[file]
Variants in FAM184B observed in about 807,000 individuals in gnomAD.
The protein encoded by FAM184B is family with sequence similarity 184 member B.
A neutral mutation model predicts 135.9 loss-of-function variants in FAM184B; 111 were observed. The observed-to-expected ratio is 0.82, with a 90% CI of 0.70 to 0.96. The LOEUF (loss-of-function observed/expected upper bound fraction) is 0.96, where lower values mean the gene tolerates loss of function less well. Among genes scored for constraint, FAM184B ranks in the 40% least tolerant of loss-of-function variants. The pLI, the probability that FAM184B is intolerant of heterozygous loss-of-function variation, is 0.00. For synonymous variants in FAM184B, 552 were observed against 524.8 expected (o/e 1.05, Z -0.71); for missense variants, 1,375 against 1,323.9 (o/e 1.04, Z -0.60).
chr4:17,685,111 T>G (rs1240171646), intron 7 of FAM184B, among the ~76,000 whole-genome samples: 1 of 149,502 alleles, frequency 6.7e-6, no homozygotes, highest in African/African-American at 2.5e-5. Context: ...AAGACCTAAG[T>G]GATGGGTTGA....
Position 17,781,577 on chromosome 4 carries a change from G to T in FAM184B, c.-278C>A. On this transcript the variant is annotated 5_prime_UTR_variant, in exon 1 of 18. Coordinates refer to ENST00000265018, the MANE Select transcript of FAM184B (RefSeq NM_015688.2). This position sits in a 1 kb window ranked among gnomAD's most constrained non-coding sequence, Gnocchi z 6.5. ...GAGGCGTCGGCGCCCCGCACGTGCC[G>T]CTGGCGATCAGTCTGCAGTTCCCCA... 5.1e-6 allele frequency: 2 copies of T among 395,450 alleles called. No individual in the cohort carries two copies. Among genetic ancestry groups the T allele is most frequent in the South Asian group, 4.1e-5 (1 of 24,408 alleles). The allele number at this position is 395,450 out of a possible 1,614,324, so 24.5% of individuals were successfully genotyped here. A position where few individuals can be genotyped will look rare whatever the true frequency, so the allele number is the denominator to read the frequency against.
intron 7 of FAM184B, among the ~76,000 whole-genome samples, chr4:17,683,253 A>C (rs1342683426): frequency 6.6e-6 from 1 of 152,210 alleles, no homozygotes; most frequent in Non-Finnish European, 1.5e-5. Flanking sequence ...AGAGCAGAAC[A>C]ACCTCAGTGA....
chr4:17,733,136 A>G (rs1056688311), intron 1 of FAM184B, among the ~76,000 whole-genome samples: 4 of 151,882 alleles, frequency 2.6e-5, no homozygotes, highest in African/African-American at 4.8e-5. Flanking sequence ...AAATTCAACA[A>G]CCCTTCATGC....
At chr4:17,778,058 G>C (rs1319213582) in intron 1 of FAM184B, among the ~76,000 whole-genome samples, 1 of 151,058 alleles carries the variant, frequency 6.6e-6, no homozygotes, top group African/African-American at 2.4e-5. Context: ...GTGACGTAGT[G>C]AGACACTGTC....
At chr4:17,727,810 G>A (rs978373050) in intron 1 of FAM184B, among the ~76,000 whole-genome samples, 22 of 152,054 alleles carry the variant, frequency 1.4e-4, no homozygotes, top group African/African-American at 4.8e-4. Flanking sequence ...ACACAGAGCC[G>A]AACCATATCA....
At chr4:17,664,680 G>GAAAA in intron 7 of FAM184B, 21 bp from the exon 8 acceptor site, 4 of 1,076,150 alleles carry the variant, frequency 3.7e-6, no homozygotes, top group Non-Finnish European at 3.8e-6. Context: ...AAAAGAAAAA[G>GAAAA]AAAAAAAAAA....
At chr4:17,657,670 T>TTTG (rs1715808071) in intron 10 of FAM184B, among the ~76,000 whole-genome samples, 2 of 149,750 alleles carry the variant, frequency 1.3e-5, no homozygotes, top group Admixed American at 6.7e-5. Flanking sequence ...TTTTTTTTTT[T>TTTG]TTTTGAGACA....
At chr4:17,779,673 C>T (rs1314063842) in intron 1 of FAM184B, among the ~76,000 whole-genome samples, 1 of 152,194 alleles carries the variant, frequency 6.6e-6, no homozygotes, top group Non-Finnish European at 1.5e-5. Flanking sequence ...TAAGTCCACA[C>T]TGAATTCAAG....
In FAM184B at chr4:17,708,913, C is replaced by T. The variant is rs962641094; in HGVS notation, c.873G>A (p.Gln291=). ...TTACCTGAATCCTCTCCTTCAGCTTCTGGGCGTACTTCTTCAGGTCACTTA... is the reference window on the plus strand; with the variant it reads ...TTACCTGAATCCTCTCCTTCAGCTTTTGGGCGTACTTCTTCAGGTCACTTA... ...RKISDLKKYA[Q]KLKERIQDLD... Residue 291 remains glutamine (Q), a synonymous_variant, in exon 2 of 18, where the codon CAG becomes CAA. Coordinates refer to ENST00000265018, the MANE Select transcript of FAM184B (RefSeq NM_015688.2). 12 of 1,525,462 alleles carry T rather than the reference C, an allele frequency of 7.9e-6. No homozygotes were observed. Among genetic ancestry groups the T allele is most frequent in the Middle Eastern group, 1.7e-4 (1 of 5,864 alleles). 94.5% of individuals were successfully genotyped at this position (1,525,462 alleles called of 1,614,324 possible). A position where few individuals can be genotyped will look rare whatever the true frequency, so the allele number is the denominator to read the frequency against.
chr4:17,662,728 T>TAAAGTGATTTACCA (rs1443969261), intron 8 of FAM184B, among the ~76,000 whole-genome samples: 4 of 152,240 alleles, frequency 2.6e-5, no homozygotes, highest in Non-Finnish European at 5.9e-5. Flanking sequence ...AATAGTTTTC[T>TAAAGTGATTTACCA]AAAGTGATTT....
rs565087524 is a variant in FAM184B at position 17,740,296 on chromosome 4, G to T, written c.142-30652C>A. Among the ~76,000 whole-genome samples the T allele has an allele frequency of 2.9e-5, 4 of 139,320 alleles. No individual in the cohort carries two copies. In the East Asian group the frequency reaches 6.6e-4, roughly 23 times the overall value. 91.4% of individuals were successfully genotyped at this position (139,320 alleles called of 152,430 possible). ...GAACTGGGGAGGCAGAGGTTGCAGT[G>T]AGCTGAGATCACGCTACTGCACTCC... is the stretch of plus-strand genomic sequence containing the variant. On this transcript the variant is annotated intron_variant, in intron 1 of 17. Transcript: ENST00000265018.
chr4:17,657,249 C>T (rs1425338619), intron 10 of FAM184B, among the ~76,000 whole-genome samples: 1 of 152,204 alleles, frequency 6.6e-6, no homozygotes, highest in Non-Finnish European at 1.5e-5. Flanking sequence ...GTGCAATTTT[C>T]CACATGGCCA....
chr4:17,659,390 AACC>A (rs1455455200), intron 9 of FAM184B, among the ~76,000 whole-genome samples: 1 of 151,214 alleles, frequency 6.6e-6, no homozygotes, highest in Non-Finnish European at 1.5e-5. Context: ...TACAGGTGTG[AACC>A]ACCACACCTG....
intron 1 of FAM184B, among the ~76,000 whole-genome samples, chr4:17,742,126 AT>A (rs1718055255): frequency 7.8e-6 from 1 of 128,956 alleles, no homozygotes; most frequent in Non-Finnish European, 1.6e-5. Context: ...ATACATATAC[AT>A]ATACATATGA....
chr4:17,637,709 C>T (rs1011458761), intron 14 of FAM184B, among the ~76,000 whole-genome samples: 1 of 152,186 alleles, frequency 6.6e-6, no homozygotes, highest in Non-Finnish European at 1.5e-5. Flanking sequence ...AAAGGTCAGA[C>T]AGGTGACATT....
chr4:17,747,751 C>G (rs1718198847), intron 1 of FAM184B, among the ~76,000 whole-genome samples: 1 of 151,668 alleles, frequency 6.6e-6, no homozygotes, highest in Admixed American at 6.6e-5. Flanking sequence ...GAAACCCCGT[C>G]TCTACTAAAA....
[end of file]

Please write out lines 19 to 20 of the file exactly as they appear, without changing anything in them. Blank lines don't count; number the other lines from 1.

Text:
chr4:17,637,709 C>T (rs1011458761), intron 14 of FAM184B, among the ~76,000 whole-genome samples: 1 of 152,186 alleles, frequency 6.6e-6, no homozygotes, highest in Non-Finnish European at 1.5e-5. Flanking sequence ...AAAGGTCAGA[C>T]AGGTGACATT....
chr4:17,747,751 C>G (rs1718198847), intron 1 of FAM184B, among the ~76,000 whole-genome samples: 1 of 151,668 alleles, frequency 6.6e-6, no homozygotes, highest in Admixed American at 6.6e-5. Flanking sequence ...GAAACCCCGT[C>G]TCTACTAAAA....